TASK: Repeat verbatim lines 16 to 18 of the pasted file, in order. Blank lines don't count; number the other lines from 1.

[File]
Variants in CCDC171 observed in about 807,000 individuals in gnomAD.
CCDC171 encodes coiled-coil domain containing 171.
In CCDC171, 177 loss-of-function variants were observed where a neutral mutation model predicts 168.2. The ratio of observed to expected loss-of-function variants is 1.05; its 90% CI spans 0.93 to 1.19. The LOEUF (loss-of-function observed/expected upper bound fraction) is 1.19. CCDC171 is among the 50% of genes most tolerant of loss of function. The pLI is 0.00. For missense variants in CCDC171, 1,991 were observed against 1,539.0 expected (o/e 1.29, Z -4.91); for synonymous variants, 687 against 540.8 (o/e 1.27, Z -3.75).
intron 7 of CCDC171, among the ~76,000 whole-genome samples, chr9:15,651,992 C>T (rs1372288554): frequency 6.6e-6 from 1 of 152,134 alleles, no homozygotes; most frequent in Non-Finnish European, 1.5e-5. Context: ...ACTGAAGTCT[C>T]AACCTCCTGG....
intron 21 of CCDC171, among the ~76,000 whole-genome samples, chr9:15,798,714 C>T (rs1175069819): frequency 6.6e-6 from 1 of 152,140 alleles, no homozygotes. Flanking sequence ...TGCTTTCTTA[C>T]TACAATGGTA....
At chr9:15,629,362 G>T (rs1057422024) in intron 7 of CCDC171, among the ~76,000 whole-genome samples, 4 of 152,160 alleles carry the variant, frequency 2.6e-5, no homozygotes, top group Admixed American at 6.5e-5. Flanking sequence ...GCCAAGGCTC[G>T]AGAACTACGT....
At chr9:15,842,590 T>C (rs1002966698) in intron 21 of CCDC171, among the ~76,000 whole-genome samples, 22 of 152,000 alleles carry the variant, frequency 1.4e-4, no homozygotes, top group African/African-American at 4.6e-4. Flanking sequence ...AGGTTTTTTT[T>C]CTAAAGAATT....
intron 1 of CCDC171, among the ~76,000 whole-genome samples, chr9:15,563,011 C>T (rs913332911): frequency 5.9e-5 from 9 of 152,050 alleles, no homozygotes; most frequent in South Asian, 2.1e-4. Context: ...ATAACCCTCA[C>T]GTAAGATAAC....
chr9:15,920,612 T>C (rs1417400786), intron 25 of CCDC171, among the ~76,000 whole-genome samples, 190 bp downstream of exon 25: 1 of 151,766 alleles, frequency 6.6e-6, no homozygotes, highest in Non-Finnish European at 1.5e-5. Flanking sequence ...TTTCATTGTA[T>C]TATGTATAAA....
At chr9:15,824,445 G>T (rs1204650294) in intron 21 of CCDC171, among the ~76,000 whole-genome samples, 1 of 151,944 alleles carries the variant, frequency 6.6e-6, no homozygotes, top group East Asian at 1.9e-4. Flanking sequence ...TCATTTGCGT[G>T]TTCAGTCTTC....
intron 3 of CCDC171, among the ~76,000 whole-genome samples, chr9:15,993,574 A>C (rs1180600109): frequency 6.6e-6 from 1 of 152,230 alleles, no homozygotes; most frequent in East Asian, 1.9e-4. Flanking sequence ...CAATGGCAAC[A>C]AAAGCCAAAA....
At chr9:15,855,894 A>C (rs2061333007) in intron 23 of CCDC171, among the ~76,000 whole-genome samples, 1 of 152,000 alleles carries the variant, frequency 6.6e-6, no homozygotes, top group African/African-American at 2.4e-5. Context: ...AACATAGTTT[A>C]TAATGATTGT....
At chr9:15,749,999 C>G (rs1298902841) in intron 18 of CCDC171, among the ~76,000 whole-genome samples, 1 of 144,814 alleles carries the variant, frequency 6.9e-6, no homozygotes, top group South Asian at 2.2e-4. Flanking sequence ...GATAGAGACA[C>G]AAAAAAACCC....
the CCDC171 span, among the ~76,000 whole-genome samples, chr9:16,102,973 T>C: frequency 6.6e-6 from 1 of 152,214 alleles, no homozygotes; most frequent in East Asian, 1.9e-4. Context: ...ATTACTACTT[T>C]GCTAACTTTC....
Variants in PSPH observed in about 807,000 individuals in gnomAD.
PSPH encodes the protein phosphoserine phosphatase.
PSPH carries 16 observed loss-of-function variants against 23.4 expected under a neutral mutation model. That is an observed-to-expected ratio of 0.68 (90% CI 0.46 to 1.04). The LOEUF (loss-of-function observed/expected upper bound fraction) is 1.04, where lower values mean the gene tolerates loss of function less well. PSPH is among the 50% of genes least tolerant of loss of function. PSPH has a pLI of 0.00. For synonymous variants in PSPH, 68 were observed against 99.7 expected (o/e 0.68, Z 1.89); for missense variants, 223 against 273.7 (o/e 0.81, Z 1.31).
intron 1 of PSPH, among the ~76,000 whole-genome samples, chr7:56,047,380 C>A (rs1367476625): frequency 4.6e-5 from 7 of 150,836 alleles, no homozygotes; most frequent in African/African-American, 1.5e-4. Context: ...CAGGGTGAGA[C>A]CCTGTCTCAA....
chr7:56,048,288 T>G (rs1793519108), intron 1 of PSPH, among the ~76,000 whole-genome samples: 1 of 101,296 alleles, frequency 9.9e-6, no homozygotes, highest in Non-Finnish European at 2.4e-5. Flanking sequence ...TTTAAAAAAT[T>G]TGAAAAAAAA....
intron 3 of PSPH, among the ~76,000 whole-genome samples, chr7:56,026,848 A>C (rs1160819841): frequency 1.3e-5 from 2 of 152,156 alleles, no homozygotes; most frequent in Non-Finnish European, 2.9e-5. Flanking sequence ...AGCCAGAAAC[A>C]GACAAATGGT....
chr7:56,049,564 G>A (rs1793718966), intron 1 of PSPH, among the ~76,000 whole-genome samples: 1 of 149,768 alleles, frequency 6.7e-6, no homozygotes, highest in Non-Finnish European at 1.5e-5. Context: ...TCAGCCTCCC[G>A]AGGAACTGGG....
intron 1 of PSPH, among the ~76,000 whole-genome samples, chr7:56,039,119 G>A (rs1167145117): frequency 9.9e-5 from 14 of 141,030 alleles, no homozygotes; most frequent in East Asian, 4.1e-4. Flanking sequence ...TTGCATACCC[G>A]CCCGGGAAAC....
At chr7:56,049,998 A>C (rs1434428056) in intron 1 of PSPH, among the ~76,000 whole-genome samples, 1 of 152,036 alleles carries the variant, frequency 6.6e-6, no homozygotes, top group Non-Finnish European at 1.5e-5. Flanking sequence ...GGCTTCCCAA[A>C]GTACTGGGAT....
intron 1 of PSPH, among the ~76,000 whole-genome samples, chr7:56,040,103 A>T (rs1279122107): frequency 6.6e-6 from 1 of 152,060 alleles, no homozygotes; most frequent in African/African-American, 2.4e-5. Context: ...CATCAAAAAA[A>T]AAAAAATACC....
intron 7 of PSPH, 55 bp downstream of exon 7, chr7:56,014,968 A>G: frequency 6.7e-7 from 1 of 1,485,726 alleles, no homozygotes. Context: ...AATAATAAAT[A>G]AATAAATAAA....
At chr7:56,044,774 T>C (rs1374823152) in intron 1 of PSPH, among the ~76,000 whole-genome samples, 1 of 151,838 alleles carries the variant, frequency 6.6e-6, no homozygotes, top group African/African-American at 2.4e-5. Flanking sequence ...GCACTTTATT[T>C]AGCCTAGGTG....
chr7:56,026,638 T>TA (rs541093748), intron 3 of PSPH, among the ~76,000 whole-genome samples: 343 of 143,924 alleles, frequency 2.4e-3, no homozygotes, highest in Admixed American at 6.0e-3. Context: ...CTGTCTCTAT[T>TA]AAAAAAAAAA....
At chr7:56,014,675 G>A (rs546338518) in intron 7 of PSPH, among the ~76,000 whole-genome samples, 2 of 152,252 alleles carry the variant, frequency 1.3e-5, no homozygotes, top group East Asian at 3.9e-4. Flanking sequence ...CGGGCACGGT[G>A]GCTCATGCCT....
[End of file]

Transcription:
PSPH encodes the protein phosphoserine phosphatase.
PSPH carries 16 observed loss-of-function variants against 23.4 expected under a neutral mutation model. That is an observed-to-expected ratio of 0.68 (90% CI 0.46 to 1.04). The LOEUF (loss-of-function observed/expected upper bound fraction) is 1.04, where lower values mean the gene tolerates loss of function less well. PSPH is among the 50% of genes least tolerant of loss of function. PSPH has a pLI of 0.00. For synonymous variants in PSPH, 68 were observed against 99.7 expected (o/e 0.68, Z 1.89); for missense variants, 223 against 273.7 (o/e 0.81, Z 1.31).
intron 1 of PSPH, among the ~76,000 whole-genome samples, chr7:56,047,380 C>A (rs1367476625): frequency 4.6e-5 from 7 of 150,836 alleles, no homozygotes; most frequent in African/African-American, 1.5e-4. Context: ...CAGGGTGAGA[C>A]CCTGTCTCAA....